I admit it—I’m crazy for mushrooms! On one of my Dr. Oz segments (by the way, he happens to be from Turkey, originally!) — he and I discuss the many health benefits of mushrooms. I really fell in love with a baked casserole that has a tomato base with liberal amounts of mushrooms—so yummy. Nutritionally speaking, mushrooms are low in calories and contain high levels of selenium, riboflavin, copper, niacin, tryptophan, pantothenic acid, potassium, phosphorous, zinc, manganese, thiamin, pyridoxine, and folate. They also contain iron, calcium, fiber, and magnesium in smaller amounts. A recent study even showed that mushrooms exposed to UVB light are rich in vitamin D (although these mushrooms have not yet received FDA approval or been placed on the market).
Parsley is probably the most popular fresh herb used in Turkish cuisine. It can be found in appetizers, salads, dips, main courses and more — it’s everywhere. And that made me happy, because parsley is incredibly good for you. In fact, parsley is believed to be a potent detoxifier and diuretic, helping to prevent bloating and water retention by flushing out the kidneys. It can also strongly assist the digestive process, help remove toxins from the body, and act as a blood cleanser and purifier. Lastly, its richness in vitamins A, C and E, plus minerals, makes it a very powerful antioxidant food.
Olives are a very popular table food in Turkey. They often serve them with the appetizers, and are delicious in salads, with hummus, and other dishes. Olives can be high in salt (best to choose olives that are cured in natural sea salt), so be careful in that regard. They are one of the best sources of fat soluble vitamin E, which is important for protecting your body’s cells in many ways. They contain healthy monounsaturated fat, but not in a liquified, concentrated form like olive oil. The antioxidant phenols in olives may help “thin” the blood and help your body deliver proper flow of nutrients throughout the bloodstream.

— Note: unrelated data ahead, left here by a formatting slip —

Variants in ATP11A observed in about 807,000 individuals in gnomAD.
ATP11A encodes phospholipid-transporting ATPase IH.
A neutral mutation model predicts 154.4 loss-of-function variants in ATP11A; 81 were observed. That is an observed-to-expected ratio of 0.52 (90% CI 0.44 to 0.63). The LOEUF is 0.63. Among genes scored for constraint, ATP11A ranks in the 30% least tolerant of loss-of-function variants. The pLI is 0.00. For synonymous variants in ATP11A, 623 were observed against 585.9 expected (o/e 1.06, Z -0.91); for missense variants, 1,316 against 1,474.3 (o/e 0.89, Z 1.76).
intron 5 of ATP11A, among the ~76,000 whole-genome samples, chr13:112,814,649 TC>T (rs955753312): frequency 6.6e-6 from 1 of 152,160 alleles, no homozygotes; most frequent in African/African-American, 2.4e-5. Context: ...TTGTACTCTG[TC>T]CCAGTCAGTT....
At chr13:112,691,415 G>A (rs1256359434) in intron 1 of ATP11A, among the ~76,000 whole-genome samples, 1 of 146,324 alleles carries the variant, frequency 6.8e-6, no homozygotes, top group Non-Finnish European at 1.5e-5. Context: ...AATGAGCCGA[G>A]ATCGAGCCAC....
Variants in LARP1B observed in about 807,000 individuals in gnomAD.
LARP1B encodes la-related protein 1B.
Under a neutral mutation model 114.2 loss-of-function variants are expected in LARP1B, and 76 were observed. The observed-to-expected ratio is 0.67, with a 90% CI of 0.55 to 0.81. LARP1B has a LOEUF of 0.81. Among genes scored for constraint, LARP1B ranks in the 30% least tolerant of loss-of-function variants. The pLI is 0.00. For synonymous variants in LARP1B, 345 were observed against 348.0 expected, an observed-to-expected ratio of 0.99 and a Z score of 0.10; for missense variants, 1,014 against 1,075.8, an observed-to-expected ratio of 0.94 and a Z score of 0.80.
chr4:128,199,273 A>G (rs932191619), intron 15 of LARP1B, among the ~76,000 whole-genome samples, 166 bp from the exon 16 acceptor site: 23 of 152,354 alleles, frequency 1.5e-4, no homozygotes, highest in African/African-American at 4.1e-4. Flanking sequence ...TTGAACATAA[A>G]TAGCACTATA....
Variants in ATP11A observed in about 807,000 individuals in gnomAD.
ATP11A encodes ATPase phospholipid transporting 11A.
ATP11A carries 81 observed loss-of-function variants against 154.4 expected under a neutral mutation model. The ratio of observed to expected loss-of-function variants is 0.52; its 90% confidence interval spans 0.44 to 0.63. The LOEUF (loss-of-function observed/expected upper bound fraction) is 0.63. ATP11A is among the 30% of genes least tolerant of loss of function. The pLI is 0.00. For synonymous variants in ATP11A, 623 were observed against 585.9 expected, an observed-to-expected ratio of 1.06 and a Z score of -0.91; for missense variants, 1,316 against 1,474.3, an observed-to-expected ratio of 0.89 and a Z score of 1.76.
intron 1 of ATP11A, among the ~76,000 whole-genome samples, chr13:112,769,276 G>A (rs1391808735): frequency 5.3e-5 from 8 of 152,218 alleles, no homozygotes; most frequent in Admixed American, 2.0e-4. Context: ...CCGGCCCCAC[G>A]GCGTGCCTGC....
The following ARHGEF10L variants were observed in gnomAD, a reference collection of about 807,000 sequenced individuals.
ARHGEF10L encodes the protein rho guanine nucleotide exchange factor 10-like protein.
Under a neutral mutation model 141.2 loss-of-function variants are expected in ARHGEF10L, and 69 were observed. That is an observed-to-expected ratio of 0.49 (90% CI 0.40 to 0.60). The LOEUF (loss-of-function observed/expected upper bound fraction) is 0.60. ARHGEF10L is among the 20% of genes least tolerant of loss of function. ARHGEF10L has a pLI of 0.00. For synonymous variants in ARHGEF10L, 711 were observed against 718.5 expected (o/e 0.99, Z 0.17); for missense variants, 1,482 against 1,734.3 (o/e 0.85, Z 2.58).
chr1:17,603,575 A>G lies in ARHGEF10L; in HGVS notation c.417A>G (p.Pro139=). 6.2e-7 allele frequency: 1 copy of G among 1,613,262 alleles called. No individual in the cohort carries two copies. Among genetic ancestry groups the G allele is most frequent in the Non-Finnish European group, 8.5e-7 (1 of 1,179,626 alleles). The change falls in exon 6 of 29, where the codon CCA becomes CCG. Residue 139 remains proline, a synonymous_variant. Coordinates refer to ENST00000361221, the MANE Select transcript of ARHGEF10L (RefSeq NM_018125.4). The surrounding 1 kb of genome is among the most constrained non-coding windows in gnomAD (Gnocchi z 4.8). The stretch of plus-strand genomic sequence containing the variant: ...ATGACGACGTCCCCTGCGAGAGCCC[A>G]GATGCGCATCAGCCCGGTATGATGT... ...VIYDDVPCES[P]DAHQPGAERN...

I was pleasantly surprised by the rich selection of fruit in Turkey. From super sweet, flavorful dates, to peaches and apricots, melons, apples and much more — I was in fruit heaven! Of course, if you know me then you know I’m a big believer in fruit, and think it’s important to get at least several servings in each day. One thing I saw there a lot, which I don’t recommend, was eating fruit at the end of meals. Yes, I understand the craving for something sweet to end the meal, and eating fruit is a far better choice than having white flour cake or anything. But as I’ve explained many times on the blog and in my books, digestion is best when you eat foods from light to heavy, with the fastest digesting foods first, the slower ones after. This way, there is no “traffic jam” in your digestive system. Because fruit digests so quickly, I recommend eating it before meals, or ideally in the morning on an empty stomach — so that you digest the fruit perfectly.